Many of us think of our parks as a place for summer recreation, after the May long weekend, but there’s no need to wait that long. Manitoba’s parks are open all year and, if you’re dreaming of warmer weather, a spring hike is just the ticket.
If there is still snow in the bush you may find some of the trails snow covered or icy, so choose your trails carefully. Avoid ones that have really low spots, as they may have water on them. Wear good hiking boots that can stand a little mud or water, and take a hiking stick to help you through any icy patches.
Spruce Woods Provincial Park is an excellent spot for a spring hike or for birdwatching. Last spring we hiked there the second week of April on a warm day, and had a great afternoon. We took the trail to the Spirit Sands, anticipating that it would be drier than the other trails, and were rewarded with beautiful scenery and numerous wildlife sightings. Crows and ravens, robins and purple finches flew from tree to tree, while high overhead sandhill cranes gave their mournful sound and a vee of Canada geese honked its way northward.
Along one trail wild turkey tracks were visible in the mud, while deer tracks criss-crossed the desert sands. Some were very fresh, so perhaps we had scared a deer or two ahead of us, though we didn’t catch sight of any. As we made our way back to the parking lot we were surprised to find a beaver calmly chewing on a small poplar tree it had just cut down an unusual sight for mid-afternoon, as beavers usually appear in the evening. The ponds were still ice covered and the river was in flood, so perhaps it was really hungry. Later, we also saw several wild turkeys crossing the road, and hunting through the grass for food.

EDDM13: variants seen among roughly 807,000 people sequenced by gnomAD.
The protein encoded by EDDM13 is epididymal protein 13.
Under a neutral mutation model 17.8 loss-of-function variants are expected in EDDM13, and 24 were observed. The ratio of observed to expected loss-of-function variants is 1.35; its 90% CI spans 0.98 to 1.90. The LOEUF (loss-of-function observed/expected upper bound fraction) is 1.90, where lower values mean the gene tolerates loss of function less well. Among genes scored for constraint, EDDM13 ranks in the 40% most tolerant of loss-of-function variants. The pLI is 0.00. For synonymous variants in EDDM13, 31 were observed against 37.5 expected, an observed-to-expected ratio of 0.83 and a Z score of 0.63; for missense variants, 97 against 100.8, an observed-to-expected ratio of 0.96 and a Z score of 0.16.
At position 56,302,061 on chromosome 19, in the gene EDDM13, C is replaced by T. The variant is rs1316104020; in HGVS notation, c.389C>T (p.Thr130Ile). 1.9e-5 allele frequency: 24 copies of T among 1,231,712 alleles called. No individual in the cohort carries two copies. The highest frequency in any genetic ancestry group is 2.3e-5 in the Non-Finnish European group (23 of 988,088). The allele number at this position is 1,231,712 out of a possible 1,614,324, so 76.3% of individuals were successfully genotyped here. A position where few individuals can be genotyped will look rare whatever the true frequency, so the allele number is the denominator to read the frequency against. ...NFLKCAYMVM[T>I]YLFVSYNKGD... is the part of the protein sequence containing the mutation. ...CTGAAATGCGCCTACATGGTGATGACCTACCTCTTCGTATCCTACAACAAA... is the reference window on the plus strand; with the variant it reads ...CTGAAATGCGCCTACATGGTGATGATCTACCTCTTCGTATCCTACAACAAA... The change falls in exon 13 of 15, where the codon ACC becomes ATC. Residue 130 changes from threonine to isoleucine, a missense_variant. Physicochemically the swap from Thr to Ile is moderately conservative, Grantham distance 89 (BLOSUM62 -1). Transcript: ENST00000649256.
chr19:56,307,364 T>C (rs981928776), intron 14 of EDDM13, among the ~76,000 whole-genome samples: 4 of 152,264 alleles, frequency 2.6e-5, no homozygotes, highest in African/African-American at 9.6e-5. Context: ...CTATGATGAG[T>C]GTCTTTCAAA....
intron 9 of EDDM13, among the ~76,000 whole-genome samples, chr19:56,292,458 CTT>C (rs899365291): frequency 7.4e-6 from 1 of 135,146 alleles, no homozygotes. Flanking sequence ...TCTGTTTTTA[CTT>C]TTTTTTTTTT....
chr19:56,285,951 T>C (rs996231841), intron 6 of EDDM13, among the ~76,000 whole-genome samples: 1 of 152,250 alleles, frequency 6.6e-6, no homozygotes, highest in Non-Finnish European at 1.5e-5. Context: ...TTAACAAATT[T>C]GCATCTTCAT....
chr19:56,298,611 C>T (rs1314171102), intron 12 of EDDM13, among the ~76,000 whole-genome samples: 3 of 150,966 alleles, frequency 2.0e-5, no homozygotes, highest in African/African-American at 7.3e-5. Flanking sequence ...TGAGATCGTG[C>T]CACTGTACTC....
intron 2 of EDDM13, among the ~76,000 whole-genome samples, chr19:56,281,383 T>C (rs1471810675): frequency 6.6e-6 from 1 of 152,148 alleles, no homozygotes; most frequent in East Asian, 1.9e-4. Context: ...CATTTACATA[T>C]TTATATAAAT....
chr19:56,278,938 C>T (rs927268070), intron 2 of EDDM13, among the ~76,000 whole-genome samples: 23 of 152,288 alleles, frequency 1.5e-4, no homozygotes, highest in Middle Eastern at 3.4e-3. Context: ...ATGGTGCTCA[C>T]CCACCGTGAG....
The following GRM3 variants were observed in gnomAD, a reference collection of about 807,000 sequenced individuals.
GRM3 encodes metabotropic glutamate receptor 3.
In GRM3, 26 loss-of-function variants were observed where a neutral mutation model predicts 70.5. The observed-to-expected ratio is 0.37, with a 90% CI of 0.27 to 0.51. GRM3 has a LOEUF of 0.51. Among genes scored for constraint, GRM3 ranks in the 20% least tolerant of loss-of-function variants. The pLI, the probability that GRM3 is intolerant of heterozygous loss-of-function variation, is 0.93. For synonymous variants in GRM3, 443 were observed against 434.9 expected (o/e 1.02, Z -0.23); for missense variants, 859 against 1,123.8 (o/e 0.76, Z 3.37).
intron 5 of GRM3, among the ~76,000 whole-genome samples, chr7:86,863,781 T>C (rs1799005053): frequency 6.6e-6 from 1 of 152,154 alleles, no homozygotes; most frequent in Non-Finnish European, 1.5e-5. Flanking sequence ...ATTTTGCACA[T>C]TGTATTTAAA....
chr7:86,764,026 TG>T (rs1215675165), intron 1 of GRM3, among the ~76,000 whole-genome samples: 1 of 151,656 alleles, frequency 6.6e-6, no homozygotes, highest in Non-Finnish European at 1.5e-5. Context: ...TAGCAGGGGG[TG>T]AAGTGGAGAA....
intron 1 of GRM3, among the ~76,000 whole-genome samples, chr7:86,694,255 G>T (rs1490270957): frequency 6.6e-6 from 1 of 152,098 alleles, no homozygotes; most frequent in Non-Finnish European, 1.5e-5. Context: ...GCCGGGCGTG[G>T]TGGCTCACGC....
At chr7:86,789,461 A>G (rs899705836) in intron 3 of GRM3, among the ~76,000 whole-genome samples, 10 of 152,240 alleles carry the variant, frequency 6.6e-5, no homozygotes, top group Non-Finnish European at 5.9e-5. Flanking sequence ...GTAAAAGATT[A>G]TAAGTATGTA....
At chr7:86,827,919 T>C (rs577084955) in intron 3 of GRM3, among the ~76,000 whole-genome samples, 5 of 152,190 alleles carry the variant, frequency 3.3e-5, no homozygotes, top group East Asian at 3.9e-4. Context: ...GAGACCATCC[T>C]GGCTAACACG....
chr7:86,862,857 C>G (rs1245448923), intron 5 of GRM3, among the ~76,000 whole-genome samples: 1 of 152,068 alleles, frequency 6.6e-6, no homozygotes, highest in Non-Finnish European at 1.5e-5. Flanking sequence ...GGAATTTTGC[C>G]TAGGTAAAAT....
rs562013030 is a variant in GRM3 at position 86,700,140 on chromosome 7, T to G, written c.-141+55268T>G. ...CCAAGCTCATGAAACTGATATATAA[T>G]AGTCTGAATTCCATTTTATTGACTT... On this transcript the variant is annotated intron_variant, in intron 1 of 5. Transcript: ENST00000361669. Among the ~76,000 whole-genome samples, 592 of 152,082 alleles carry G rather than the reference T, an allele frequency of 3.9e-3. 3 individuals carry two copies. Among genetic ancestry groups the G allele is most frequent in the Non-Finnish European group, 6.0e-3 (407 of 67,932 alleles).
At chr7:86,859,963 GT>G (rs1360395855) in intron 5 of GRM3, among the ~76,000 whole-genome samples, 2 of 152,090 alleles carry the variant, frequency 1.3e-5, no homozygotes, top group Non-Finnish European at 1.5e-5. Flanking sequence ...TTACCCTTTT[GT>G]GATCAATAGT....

If flowers interest you, early spring is the time for crocus hunting, usually in late April perhaps earlier this year while early buttercups, cowslips and violets can often be found in early May. A little later in May, the Epinette Trail and the bike trail around Kiche Manitou Lake (by the campground) often sport clumps of marsh marigolds.
Another good spot to visit in the spring is Turtle Mountain Provincial Park, though you may find some low trail sections muddy there if you go too early. By early May or sooner if spring is early, hiking and biking are possible, and once the fishing season opens, the fishing is usually good – for rainbow trout at Bower Lake; northern pike at Adam and other lakes; and brown trout and smallmouth bass at William Lake. Loons, terns, pelicans, cormorants, grebes and a variety of other ducks are there for birdwatchers, and last May a pair of Canada geese with four goslings had made the beach at Adam Lake their home. By mid-May, yellow-rumped (Myrtle) warblers flit through the bushes and red-eyed vireos sing from the treetops.
In early spring, before the leaves come out or as they’re just beginning, visitors can see things not so noticeable in summer such as nests of crows, magpies or other birds. Last spring we saw a large beaver dam we hadn’t noticed on earlier visits though it had obviously been there for years, hidden by thick bushes. Moose droppings along the trail were evidence of their recent passing also less visible once the new grass grows.
Spring is a good time for parents to introduce children to other activities, such as geocaching. We found several caches in the Adam/Bower Lake region, and most were very child oriented by the type of “treasures” in the cache boxes. The fitness trail at Adam Lake, near the campground, might interest older children, too.
These two parks are just a sample of what Manitoba has to offer in spring. Take my advice and don’t wait for summer; spring is one of the best times to explore the outdoors. – Donna Gamache writes from MacGregor, Manitoba